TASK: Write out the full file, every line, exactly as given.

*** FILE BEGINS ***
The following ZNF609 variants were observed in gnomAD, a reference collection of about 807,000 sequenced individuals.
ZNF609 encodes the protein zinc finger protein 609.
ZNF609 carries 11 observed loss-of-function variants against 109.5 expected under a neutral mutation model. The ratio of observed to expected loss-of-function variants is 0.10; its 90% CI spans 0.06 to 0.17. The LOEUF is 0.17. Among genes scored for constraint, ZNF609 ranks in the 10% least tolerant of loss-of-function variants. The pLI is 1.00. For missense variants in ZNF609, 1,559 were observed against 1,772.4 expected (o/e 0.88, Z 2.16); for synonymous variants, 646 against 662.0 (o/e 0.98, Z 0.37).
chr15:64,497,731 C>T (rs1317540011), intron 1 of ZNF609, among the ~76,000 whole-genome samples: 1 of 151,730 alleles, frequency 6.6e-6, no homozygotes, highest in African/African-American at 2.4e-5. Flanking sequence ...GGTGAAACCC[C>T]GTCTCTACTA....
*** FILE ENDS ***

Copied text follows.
The following ZNF609 variants were observed in gnomAD, a reference collection of about 807,000 sequenced individuals.
ZNF609 encodes the protein zinc finger protein 609.
ZNF609 carries 11 observed loss-of-function variants against 109.5 expected under a neutral mutation model. The ratio of observed to expected loss-of-function variants is 0.10; its 90% CI spans 0.06 to 0.17. The LOEUF is 0.17. Among genes scored for constraint, ZNF609 ranks in the 10% least tolerant of loss-of-function variants. The pLI is 1.00. For missense variants in ZNF609, 1,559 were observed against 1,772.4 expected (o/e 0.88, Z 2.16); for synonymous variants, 646 against 662.0 (o/e 0.98, Z 0.37).
chr15:64,497,731 C>T (rs1317540011), intron 1 of ZNF609, among the ~76,000 whole-genome samples: 1 of 151,730 alleles, frequency 6.6e-6, no homozygotes, highest in African/African-American at 2.4e-5. Flanking sequence ...GGTGAAACCC[C>T]GTCTCTACTA....